Friday, April 12, 2013

11 Clues on Finding a Tax Preparer

It’s tax season and some people procrastinate and wait until the last minute to file their taxes which makes it difficult when trying to find a reputable tax preparer or accountant. Luckily I prepare my own taxes using Turbo Tax and have done so for the past 10 years so I don’t have to worry about the cost of tax preparation fees other than the cost of the software. 

It can take quite some time to find a good tax preparer but if you wait until the last minute you are basically stuck with the company or person you selected unless you are getting a refund. 

There are all kinds of people who claim to be tax preparers and accountants. I recommend using a company or someone that is licensed to prepare taxes and registered with a state taxing board or taxing authority.  Tax preparation fees can range from $200 to $1,500 for individuals depending on the complexity of your taxes. The average cost ranges from $150 to $300. Some tax preparers charge by the hour, charge a flat fee for each form used, charge a fee based on the previous year’s fee plus additional charges for any changes, charge based on the complexity of the client’s situation, charge a flat fee for each data entry item and some charge based on a percentage of your refund. Here are 11 clues on finding a tax preparer:

  1. Expertise. When hiring a company, it is best to verify who will be preparing your taxes - an entry level, junior person or a senior person, ask about their years of experience and the type of clients they have serviced.  If a less seasoned person is preparing your taxes request that a senior person review them before filing to ensure no deductions were missed and no errors are found.
  2. Promises. Avoid hiring tax preparers who guarantee a refund or a specific amount, this information cannot be determined until your taxes are prepared. These types of individuals or companies conduct unethical or illegal practices to get large refunds, may charge additional fees and put taxpayers at risk for an audit.
  3. Expertise. If you are self-employed find a tax preparer that specializes in self-employed tax preparations. Not everyone is knowledgeable in every area and not everyone will admit that they lack that knowledge because they want to get your business.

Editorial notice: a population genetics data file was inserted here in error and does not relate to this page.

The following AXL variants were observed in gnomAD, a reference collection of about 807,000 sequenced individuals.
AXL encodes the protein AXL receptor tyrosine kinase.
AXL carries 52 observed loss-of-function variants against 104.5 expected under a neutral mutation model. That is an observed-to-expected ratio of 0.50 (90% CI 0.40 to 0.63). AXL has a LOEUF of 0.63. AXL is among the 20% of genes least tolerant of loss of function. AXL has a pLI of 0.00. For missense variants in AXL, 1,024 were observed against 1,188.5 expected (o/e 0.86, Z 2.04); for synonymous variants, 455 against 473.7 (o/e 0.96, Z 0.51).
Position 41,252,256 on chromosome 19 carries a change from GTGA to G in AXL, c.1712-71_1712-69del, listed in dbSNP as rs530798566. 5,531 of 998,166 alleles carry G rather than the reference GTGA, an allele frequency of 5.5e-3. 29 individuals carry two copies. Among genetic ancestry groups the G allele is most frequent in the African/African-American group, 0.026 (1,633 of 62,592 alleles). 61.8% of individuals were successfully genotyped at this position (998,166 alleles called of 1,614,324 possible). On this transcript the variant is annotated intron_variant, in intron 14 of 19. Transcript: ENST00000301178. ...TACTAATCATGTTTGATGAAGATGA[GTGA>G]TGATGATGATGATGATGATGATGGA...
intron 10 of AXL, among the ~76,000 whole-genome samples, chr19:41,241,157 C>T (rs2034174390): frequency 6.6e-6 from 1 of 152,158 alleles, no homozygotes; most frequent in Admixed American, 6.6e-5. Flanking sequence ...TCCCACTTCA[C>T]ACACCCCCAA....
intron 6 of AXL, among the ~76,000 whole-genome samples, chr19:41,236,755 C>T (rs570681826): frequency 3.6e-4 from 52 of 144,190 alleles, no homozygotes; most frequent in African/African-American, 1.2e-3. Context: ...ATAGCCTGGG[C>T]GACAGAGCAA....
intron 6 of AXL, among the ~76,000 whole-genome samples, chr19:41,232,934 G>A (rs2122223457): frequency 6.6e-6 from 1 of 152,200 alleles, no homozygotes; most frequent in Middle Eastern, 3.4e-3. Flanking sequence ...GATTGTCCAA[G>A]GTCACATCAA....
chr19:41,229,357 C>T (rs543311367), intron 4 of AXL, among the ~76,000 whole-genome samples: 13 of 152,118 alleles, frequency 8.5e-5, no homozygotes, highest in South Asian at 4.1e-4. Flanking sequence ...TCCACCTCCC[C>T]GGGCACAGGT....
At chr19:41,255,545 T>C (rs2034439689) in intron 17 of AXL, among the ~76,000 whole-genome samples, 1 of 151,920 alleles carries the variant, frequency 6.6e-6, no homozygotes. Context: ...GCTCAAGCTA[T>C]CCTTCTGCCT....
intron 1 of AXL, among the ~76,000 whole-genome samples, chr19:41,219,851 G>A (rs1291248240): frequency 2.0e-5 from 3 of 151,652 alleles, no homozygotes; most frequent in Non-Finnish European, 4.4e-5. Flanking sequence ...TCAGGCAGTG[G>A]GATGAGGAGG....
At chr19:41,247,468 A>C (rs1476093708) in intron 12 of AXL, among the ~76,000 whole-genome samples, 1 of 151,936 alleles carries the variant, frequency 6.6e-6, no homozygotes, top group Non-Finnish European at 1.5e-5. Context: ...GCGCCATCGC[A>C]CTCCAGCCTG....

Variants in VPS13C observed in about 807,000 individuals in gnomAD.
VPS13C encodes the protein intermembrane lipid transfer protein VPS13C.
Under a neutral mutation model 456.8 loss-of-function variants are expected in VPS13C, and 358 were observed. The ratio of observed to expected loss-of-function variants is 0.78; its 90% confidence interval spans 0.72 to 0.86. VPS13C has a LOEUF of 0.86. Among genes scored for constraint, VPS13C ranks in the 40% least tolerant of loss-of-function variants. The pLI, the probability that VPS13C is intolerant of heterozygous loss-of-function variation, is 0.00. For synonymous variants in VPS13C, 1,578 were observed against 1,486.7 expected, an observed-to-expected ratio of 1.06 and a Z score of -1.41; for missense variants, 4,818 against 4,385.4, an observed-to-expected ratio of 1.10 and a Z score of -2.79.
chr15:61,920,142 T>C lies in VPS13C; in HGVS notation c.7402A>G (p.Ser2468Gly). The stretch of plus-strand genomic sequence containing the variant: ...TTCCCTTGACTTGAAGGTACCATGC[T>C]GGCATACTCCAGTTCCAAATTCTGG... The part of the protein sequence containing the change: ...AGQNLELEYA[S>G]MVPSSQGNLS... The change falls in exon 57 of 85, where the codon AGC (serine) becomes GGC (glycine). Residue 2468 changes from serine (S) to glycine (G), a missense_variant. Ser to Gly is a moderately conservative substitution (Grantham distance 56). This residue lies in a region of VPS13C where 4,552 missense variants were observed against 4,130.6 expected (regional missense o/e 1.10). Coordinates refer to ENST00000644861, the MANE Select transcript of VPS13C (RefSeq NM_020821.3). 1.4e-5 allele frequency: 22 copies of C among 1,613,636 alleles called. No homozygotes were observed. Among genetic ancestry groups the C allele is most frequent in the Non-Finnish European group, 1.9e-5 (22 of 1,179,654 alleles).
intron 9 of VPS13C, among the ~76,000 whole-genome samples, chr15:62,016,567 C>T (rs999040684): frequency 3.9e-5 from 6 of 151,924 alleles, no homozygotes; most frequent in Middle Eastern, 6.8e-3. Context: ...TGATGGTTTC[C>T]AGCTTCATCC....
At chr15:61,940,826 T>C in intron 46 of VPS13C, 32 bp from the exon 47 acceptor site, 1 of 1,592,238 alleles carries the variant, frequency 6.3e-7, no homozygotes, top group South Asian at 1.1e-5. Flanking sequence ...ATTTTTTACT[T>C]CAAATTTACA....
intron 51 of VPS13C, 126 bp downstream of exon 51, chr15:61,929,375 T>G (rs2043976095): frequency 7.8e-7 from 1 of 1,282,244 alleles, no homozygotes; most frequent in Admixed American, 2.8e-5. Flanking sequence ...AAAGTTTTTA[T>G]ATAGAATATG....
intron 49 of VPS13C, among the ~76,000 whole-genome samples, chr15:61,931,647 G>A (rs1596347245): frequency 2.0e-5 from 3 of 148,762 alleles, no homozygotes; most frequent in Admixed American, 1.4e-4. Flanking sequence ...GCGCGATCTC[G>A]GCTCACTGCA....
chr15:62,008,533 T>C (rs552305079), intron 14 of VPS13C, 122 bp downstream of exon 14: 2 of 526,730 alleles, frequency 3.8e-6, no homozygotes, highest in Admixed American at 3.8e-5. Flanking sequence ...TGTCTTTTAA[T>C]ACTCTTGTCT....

4. Disclosure. Ask for disclosure of all fees that can be charged.
  5. Registered. Verify the tax preparer is registered in their state and possesses a Preparer Tax Identification Number (PTIN).  Tax preparers can have different credentials.
    • Certified Public Accountants (CPAs) are licensed by state but not all CPAs are licensed to prepare tax returns. CPAs are best for individuals who may be subject to the alternative minimum tax and people who have complex situations, small business owners or real estate investors.  A CPA can also represent you in an IRS audit. You can find a CPA on the American Institute of CPAs website
    • Enrolled Agents (EA) are certified by the IRS and you can find one here 
    • Tax Attorneys. Tax Attorneys must register with the IRS and can prepare tax returns and fiduciary returns such as estate returns. Tax attorneys are best for individuals and couples who need tax preparation and strategic planning such as tax shelters or may experience any legal tax issues.  Tax attorneys can help negotiate with the IRS. Tax attorneys usually specialize in specific areas so make sure they are experienced in your particular situation.  Verify a tax attorney’s license with your local bar association in your state.
  1. Known Companies. Companies can be used such as H&R Block or Jackson Hewitt to prepare taxes. These companies may not have tax preparers who specialize in certain areas. These types of companies are best for taxpayers who have common tax deductions, homeowners and those who do not own a business or have straightforward business deductions.
  2. Connection. Find a tax preparer that you vibe with, that explains all deductions and credits you are eligible for and identifies any potential issues that may occur when filing. The best preparers are those who educate their clients about the tax process.
  3. Customer Service. Verify their level of customer service by looking up the individual or company on the Better Business Bureau (BBB) website, however not all companies or individuals are registered with the BBB.
  4. Efile. Ask if the tax preparer offers electronic filing which spends up processing time and the time to receive a refund.
  5. Contact. Ensure you have the tax preparer’s contact information including first and last name, work and cell phone number and email address if you have questions during or after the process.
  6. Guarantee. The tax preparer should guarantee the accuracy of your tax returns and offer to amend your tax return at no cost if an error is made or be willing to represent you during an audit.

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